Mountain Mama: The Allure of Far Away

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“Desire is full of endless distance.” ~ Robert Hass

The best part of leaving Western North Carolina is returning. After a week sailing in the Caribbean, it was the first glimpse of the soft rolling mountains on the horizon that awakened something in me. When my eyes first gaze the Blue Ridge Mountains, the feeling is always the same – my breathing softens, my eyes smile, and my heart opens wide. I’m home.

It wasn’t always that way. I spent most of my twenties and thirties searching for a place. I thought I’d discover where I belonged if only I looked hard enough. I moved from Maryland to Wisconsin to Australia to Delaware to Chicago to California. And then I spent a decade hopping around California from Monterey to the Bay Area to Lake Tahoe and back again. I was always going – sometimes solo, sometimes partnered, sometimes moving for a job, sometimes having nothing lined up, but always looking for a place to call home. By my mid-thirties, the new and novel lost some of its allure, tinged with loneliness. The idea of traveling somewhere to see the sun set in another beautiful place with no one to share it with no longer appealed to me.

After quitting my job to travel, I followed a man to Southern Appalachia. I never intended to stay, but the universe had other plans for me. It turns out that finding a place to call home required me to stick around for longer than a season.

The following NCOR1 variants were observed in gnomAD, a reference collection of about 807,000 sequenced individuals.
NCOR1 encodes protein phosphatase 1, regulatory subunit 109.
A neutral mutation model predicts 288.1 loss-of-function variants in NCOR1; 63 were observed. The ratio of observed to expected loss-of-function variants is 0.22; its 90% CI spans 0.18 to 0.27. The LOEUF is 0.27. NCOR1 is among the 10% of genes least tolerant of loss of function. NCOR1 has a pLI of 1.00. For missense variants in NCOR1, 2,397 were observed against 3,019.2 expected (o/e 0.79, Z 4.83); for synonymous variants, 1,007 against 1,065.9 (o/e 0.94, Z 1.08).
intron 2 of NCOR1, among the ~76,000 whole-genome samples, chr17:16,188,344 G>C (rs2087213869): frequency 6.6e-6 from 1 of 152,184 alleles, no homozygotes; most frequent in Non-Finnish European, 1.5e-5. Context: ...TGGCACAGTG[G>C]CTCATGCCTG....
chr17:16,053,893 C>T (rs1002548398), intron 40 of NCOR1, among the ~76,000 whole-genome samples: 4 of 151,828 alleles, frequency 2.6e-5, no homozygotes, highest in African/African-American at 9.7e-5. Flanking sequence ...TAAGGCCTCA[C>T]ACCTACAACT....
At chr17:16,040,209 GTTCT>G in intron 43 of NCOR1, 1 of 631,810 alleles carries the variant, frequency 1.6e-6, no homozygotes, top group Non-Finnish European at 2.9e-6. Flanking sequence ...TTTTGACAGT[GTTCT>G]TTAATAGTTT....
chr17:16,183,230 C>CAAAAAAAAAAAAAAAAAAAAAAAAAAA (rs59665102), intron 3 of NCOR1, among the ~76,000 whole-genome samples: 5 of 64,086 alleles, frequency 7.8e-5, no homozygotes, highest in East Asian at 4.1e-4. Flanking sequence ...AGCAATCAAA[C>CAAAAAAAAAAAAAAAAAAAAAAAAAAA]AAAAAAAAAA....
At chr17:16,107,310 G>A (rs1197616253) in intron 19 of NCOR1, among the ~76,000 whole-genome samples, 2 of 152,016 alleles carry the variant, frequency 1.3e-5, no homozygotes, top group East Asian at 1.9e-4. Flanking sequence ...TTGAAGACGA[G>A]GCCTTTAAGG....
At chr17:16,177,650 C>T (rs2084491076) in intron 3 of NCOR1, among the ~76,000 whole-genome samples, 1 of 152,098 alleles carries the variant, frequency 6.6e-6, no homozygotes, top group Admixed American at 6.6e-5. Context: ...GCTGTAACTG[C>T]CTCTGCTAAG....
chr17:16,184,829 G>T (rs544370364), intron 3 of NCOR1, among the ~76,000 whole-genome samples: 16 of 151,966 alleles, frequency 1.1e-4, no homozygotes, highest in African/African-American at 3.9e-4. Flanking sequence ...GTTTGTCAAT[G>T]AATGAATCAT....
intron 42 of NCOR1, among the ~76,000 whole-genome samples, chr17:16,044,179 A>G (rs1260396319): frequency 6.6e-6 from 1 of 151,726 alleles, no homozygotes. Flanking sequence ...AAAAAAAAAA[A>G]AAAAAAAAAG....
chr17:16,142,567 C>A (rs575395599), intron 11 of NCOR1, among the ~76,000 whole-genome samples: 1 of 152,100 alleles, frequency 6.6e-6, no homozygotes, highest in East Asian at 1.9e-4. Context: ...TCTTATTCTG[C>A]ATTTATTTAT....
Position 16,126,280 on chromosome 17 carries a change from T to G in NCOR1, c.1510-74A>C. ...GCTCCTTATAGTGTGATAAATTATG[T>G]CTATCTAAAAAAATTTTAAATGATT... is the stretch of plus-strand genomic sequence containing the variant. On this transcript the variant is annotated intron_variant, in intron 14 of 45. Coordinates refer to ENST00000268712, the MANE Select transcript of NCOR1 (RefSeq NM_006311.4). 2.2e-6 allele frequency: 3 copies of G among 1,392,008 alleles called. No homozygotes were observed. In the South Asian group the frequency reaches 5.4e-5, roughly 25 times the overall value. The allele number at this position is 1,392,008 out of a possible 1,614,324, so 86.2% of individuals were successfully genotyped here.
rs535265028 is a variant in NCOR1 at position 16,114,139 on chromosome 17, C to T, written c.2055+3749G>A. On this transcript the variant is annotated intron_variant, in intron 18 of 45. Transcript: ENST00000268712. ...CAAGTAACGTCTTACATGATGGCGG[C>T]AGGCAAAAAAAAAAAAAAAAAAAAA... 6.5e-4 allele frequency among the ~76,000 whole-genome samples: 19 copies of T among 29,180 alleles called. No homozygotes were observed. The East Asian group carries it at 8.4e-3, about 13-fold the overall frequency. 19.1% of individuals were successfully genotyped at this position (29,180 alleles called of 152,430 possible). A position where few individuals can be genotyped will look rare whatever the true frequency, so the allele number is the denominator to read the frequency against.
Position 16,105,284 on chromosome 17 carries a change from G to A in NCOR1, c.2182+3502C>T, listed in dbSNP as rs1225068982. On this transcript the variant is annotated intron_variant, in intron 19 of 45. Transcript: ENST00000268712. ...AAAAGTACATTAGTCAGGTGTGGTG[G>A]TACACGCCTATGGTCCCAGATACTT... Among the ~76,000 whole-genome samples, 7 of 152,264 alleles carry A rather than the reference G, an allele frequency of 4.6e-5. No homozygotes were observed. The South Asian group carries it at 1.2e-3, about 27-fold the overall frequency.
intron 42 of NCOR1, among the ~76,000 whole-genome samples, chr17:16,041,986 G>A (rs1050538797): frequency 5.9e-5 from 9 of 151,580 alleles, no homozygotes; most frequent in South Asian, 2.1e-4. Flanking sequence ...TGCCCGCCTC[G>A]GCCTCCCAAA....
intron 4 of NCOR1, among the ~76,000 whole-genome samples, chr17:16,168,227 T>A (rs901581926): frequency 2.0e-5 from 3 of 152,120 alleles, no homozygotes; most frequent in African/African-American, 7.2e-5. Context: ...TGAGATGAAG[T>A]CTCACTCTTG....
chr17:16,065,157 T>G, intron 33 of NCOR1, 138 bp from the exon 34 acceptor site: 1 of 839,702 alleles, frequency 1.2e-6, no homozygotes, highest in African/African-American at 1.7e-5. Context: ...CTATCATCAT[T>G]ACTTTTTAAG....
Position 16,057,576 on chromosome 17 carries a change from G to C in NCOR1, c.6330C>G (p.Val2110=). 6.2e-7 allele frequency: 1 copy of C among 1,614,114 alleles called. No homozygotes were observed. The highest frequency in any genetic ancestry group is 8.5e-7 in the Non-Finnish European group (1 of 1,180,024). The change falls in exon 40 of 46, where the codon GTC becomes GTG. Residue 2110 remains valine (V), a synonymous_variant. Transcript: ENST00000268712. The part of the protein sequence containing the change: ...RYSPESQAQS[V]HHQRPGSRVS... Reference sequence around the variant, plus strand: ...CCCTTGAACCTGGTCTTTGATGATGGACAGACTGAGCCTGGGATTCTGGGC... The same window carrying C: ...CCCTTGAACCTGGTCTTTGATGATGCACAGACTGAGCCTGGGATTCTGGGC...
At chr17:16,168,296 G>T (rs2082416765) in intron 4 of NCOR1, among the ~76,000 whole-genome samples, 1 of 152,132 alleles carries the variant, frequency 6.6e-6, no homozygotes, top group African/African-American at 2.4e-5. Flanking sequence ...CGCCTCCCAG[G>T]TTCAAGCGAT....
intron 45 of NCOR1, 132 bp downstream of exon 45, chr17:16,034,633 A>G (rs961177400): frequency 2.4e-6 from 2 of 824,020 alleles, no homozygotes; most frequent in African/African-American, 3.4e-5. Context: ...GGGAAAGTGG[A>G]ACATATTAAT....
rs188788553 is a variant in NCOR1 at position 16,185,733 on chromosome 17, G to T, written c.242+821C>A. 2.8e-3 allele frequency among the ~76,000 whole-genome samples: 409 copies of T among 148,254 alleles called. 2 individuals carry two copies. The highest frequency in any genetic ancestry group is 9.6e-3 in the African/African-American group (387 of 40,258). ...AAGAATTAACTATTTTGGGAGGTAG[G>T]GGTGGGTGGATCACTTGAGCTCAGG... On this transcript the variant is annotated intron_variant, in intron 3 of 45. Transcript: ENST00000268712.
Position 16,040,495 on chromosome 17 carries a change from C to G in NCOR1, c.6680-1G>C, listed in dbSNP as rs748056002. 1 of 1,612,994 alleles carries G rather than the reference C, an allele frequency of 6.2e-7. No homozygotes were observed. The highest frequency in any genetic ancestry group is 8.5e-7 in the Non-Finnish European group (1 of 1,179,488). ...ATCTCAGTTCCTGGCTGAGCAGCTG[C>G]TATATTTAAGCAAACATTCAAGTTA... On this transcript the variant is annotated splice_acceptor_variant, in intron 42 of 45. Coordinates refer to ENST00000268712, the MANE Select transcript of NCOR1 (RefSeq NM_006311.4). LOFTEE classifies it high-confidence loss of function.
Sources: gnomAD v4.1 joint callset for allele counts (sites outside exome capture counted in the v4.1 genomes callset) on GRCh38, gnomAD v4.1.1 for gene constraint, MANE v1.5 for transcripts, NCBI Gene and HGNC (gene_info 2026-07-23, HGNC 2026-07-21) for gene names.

Those melancholy blue ridges are more beautiful because of their distance. Small molecules of oxygen and nitrogen in the air scatter shorter wavelengths of light, coloring the mountains blue. That dreamy atmospheric blue only exists from a distance. Whenever I climb a mountain, chasing a better view, I lose that beautiful haze altogether. Once I get to the place on the horizon, it changes to the up-close and I’m left chasing the next mountains, the ones even further away.

Up close, those mountains aren’t blue at all. At first, the mountains teased and taunted me with a promise that turned to disappointment. I could never arrive at the place, to stand in the hazy blue promise land, far more beautiful than the yellows and greens and browns and greys of up close.

I’ll always be restless and tempted to explore new places. I’m a drifter, a dabbler, eager for the new. The distance tempts me with promises that are always just out of reach. But the Blue Ridge Mountains remind me that there are some things we can’t possess and I can admire that certain beauty that owes itself to the distance, admiring it without ever wanting to get there.

My son, a toddler now, and I spend our time together outside. Whenever I point to the mountains in the distance, he’s more enchanted with a rock, leaf or stone by his foot. He finds contentment in our own yard, most of the time not even caring if we ever leave our driveway. His wonder is contagious, and he’s taught me how to find contentment right where I am. I’m finding my sweet mountain town is more than enough, that there’s wonder in every new bloom. Instead of chasing the far away, these days I’m focused on what’s right in front of me.

I still admire the beauty of the far away, but I try to live life up close, engaging with the world right where I am. Living up close sometimes means turning inward, exploring my own depths and chasing the edges of my imagination and crevices of my soul. The blue-hued mountains always within view have helped me to bridge the distance between myself, becoming my place in the world.


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